Nutrition for PCOS

Polycystic Ovarian Syndrome (PCOS) is a hormonal condition that effects up to 20% of women.

An increasing number of women are developing PCOS due to weight gain during teen and adult years, increasing insulin levels which can cause cysts on the ovaries.


Why nutrition is important?

Women with PCOS often are insulin-resistant – meaning that the body can’t use insulin properly to help transfer sugars in the blood to the cells to be used for energy. Having high amounts of insulin leads to fat storage/weight gain. And long term, it is a risk factor for Type 2 Diabetes.

Eating high amounts of carbohydrates and carrying excess weight can increase your insulin levels and increase your body fat. Dietary management of PCOS requires a lower carbohydrate, low GI diet to prevent spikes in insulin levels and support weight loss.

Losing as little as 5% body weight can have huge health benefits. For example, if you weigh 90kg, losing 4.5kg is enough to decrease total body fat, visceral fat (the dangerous fat around your organs) and liver fat. Plus it can lower blood pressure, improve insulin sensitivity and all together this lowers the risk of developing type 2 diabetes.


Nutritional tips for managing PCOS

  1. Know what foods contain carbohydrate (breads, cereals grains, fruit, potato/sweet potato, dairy (except cheese), foods with added sugar)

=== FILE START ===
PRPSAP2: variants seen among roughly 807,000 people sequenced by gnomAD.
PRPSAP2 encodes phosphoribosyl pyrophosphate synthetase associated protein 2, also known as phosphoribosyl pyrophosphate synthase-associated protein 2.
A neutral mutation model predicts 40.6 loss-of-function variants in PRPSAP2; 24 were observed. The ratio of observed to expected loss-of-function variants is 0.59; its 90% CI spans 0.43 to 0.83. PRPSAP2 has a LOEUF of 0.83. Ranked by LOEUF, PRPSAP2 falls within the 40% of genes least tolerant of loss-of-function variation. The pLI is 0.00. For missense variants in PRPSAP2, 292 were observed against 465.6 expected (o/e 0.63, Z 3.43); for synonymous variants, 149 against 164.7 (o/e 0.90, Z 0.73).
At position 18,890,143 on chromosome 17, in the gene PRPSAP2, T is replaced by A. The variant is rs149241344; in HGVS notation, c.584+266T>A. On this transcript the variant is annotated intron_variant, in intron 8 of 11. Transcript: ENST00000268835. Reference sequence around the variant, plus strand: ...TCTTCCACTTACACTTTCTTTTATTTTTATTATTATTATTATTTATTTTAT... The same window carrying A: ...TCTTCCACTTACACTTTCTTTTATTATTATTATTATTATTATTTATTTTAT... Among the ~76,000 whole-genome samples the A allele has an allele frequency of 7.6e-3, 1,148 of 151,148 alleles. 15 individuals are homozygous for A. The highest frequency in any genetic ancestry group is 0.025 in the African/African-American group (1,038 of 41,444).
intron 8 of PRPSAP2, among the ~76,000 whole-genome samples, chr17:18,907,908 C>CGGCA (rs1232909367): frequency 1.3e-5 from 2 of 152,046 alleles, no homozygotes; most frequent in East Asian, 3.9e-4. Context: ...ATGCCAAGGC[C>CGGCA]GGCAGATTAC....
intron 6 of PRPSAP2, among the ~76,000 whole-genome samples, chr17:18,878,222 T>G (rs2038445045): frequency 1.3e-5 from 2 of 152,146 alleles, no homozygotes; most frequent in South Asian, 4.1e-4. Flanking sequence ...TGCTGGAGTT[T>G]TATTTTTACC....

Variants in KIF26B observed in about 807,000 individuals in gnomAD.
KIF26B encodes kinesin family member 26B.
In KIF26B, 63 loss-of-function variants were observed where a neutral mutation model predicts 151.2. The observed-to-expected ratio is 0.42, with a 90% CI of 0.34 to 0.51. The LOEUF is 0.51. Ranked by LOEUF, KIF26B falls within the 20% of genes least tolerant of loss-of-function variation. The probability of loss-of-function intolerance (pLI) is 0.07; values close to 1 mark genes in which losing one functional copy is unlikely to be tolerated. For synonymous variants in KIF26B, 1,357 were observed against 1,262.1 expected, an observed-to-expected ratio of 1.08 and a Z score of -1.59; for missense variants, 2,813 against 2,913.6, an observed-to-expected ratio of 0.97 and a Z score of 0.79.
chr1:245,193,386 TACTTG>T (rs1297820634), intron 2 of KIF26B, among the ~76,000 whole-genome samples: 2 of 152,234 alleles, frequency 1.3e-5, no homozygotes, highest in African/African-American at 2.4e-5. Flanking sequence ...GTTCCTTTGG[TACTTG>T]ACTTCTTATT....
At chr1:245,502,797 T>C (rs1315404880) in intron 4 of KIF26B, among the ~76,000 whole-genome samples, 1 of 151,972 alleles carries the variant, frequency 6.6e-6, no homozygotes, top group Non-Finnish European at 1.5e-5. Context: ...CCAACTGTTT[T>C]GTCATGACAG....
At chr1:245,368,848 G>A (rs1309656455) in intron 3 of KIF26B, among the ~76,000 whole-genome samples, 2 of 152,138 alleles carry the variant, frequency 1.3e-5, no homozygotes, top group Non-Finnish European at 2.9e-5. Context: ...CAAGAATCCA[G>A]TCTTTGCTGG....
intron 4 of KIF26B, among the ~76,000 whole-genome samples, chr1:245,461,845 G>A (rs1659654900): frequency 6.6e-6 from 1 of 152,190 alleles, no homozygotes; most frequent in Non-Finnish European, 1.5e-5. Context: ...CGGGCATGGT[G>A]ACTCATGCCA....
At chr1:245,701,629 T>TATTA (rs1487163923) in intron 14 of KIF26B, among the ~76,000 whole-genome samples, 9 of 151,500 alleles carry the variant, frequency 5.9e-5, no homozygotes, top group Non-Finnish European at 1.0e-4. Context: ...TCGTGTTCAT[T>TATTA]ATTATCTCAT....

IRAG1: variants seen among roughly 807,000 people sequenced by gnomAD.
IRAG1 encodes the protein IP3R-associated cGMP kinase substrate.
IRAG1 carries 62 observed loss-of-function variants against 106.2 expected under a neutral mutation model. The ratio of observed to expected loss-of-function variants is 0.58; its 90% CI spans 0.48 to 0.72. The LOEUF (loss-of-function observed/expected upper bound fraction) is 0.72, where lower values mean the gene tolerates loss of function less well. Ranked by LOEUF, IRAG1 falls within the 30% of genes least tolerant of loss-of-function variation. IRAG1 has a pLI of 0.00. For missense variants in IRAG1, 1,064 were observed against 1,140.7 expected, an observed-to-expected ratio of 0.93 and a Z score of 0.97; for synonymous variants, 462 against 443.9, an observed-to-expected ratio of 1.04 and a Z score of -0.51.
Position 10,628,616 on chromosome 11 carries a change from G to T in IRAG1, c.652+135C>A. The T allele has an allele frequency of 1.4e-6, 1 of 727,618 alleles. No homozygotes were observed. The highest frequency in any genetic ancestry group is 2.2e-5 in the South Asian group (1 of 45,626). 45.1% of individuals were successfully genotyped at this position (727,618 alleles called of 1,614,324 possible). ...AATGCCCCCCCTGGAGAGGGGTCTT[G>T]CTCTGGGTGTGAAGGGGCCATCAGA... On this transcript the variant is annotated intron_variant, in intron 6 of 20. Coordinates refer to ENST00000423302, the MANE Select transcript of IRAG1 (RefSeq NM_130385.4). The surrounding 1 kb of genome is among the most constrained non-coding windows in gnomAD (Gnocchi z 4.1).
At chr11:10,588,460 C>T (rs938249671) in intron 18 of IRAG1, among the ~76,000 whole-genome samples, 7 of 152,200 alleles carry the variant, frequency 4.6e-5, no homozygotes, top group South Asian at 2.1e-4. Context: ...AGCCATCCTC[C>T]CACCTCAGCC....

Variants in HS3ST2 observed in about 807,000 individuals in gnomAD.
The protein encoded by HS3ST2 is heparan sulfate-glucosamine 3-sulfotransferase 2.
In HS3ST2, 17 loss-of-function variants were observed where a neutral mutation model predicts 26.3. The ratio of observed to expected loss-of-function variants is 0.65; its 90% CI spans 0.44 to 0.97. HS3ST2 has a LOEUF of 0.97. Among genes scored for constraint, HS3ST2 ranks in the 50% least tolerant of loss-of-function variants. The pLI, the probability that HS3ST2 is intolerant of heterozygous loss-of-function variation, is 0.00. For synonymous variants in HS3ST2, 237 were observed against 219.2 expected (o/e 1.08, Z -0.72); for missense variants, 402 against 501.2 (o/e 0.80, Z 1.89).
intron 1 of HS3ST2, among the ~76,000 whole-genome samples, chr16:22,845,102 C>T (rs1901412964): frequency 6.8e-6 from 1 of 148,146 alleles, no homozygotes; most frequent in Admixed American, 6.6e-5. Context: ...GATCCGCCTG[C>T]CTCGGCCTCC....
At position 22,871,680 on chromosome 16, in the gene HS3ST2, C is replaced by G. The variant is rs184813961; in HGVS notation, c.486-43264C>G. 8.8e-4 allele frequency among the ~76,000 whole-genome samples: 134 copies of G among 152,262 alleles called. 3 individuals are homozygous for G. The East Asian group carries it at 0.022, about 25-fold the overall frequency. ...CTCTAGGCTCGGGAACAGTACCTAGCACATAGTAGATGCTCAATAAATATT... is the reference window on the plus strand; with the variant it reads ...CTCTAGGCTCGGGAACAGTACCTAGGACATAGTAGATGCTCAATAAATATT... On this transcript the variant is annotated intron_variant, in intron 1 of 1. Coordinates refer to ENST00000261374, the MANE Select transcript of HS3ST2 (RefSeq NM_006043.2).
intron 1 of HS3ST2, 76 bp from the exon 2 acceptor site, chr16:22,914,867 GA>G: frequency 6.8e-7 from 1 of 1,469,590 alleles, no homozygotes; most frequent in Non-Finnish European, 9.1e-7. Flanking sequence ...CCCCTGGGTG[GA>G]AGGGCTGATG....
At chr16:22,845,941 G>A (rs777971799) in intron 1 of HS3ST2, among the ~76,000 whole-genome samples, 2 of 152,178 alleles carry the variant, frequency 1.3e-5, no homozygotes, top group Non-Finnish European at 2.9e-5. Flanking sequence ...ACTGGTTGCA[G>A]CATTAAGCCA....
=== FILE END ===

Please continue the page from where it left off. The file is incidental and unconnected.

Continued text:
2. Remove processed carbohydrates – white bread, biscuits, cakes, sweets
  3. Portion control – small regular meals rather than big meals
  4. All fluids should be calorie free
  5. Meals should be built around a palm size piece of protein and non-starchy vegetables
  6. Follow a low carbohydrate diet (studies show limiting carbohydrates to 50g per day reduces fasting glucose, reduces body fat, and reduces risk of diabetes)

Day on a plate

Breakfast 1 slice of wholegrain toast with 2 eggs, gilled tomato and spinach


Lunch tuna ricotta and avocado salad – 60g reduced fat ricotta, 100g tin of tuna, 1 cup salad vegetables, 1/2 avocado
Dinner chicken and almond stir fry – 150g raw chicken breast, 2 cups mixed vegetables, basil, ginger, chilli, garlic, 2 tsp canola oil, 1/4 cup chopped almonds
Snacks 25g mixed nuts, 100g low fat yoghurt, coffee with 100ml skim milk


Dietitians are able to personalise your plans as no diet is ‘one size fits all’. Feel free to book in with one of the Accredited Practising Dietitians at Peninsula Physical Health and Nutrition (PPN).